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Digital object identifier

Digital object identifier
DOI logo.svg
Acronym DOI
Introduced 2000 (2000)
Managing organisation International DOI Foundation
Website doi.org

A digital object identifier (DOI) is a type of persistent identifier used to uniquely identify objects. The DOI system is particularly used for electronic documents such as journal articles. The DOI system began in 2000 and is managed by the International DOI Foundation.

DOI means "digital identifier of an object" rather than "identifier of a digital object". Thus DOI stands for "digital object-identifier" rather than "digital-object identifier".

Metadata about the object is stored in association with the DOI name. It may include a location, such as a URL, indicating where the object can be found. The DOI for a document remains fixed over the lifetime of the document, whereas its location and other metadata may change. Referring to an online document by its DOI provides more stable linking than simply using its URL, because if its URL changes, the publisher only needs to update the metadata for the DOI to link to the new URL.

A DOI name differs from standard identifier registries such as the ISBN and ISRC. The purpose of an identifier registry is to manage a given collection of identifiers, whereas the primary purpose of the DOI system is to make a collection of identifiers actionable and interoperable.

Organizations that meet the contractual obligations of the DOI system and are willing to pay to become a member of the system can assign DOIs. The DOI system is implemented through a federation of registration agencies coordinated by the International DOI Foundation, which developed and controls the system. The DOI system has been developed and implemented in a range of publishing applications since 2000; by late April 2011 more than 50 million DOI names had been assigned by some 4,000 organizations. By April 2013 this number had grown to 85 million DOI names assigned through 9,500 organizations. The DOI system uses, but is not formally part of, the Handle System.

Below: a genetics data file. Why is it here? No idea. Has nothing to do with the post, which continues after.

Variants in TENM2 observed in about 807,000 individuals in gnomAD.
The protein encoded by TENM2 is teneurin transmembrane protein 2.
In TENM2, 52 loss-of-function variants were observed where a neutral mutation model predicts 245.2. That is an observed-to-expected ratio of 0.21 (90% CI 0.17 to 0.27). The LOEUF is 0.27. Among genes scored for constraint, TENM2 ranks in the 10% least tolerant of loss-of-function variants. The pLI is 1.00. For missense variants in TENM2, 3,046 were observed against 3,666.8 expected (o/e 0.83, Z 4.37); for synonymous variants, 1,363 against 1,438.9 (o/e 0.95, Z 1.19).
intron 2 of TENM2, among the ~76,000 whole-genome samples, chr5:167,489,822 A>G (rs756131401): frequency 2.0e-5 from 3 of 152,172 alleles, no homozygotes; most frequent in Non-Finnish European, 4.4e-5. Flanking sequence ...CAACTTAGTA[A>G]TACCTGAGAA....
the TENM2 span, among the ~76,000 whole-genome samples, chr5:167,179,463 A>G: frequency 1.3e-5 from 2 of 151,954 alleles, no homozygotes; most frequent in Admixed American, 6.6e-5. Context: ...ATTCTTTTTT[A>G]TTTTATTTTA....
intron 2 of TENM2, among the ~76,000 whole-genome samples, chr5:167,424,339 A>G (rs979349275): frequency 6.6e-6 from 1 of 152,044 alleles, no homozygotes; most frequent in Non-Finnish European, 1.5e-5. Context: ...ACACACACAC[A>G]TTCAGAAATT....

A DOI name takes the form of a character string divided into two parts, a prefix and a suffix, separated by a slash. The prefix identifies the registrant of the name, and the suffix is chosen by the registrant and identifies the specific object associated with that DOI. Most legal Unicode characters are allowed in these strings, which are interpreted in a case-insensitive manner. The prefix usually takes the form 10.NNNN, where NNNN is a series of at least 4 numbers greater than or equal to 1000, whose limit depends only on the total number of registrants. The prefix may be further subdivided with periods, like 10.NNNN.N.



  • scholarly materials (journal articles, books, ebooks, etc.) through CrossRef, a consortium of around 3,000 publishers;
  • research datasets through DataCite, a consortium of leading research libraries, technical information providers, and scientific data centers;
  • European Union official publications through the EU publications office;
  • Permanent global identifiers for commercial video content through the Entertainment ID Registry, commonly known as EIDR.
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